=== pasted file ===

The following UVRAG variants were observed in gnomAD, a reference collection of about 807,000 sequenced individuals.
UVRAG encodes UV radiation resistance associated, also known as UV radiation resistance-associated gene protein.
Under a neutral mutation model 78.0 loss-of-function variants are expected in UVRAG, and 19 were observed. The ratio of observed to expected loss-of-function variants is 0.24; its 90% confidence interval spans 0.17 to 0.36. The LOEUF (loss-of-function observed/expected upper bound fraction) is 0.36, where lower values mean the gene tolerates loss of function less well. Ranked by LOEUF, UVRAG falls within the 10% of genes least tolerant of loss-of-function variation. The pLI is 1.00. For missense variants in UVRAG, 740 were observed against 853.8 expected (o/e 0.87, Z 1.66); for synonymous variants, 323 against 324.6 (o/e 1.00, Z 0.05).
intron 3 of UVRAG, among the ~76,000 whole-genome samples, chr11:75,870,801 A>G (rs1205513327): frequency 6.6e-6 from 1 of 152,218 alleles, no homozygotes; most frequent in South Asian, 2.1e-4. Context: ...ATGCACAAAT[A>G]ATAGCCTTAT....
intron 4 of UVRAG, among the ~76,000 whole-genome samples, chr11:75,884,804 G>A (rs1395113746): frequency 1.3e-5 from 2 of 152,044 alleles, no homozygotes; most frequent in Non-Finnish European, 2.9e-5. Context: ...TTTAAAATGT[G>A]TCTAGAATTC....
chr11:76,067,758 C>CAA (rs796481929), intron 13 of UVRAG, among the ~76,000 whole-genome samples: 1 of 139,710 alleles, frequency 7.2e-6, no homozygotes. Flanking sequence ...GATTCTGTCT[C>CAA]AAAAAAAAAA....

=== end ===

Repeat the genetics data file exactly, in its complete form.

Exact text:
The following UVRAG variants were observed in gnomAD, a reference collection of about 807,000 sequenced individuals.
UVRAG encodes UV radiation resistance associated, also known as UV radiation resistance-associated gene protein.
Under a neutral mutation model 78.0 loss-of-function variants are expected in UVRAG, and 19 were observed. The ratio of observed to expected loss-of-function variants is 0.24; its 90% confidence interval spans 0.17 to 0.36. The LOEUF (loss-of-function observed/expected upper bound fraction) is 0.36, where lower values mean the gene tolerates loss of function less well. Ranked by LOEUF, UVRAG falls within the 10% of genes least tolerant of loss-of-function variation. The pLI is 1.00. For missense variants in UVRAG, 740 were observed against 853.8 expected (o/e 0.87, Z 1.66); for synonymous variants, 323 against 324.6 (o/e 1.00, Z 0.05).
intron 3 of UVRAG, among the ~76,000 whole-genome samples, chr11:75,870,801 A>G (rs1205513327): frequency 6.6e-6 from 1 of 152,218 alleles, no homozygotes; most frequent in South Asian, 2.1e-4. Context: ...ATGCACAAAT[A>G]ATAGCCTTAT....
intron 4 of UVRAG, among the ~76,000 whole-genome samples, chr11:75,884,804 G>A (rs1395113746): frequency 1.3e-5 from 2 of 152,044 alleles, no homozygotes; most frequent in Non-Finnish European, 2.9e-5. Context: ...TTTAAAATGT[G>A]TCTAGAATTC....
chr11:76,067,758 C>CAA (rs796481929), intron 13 of UVRAG, among the ~76,000 whole-genome samples: 1 of 139,710 alleles, frequency 7.2e-6, no homozygotes. Flanking sequence ...GATTCTGTCT[C>CAA]AAAAAAAAAA....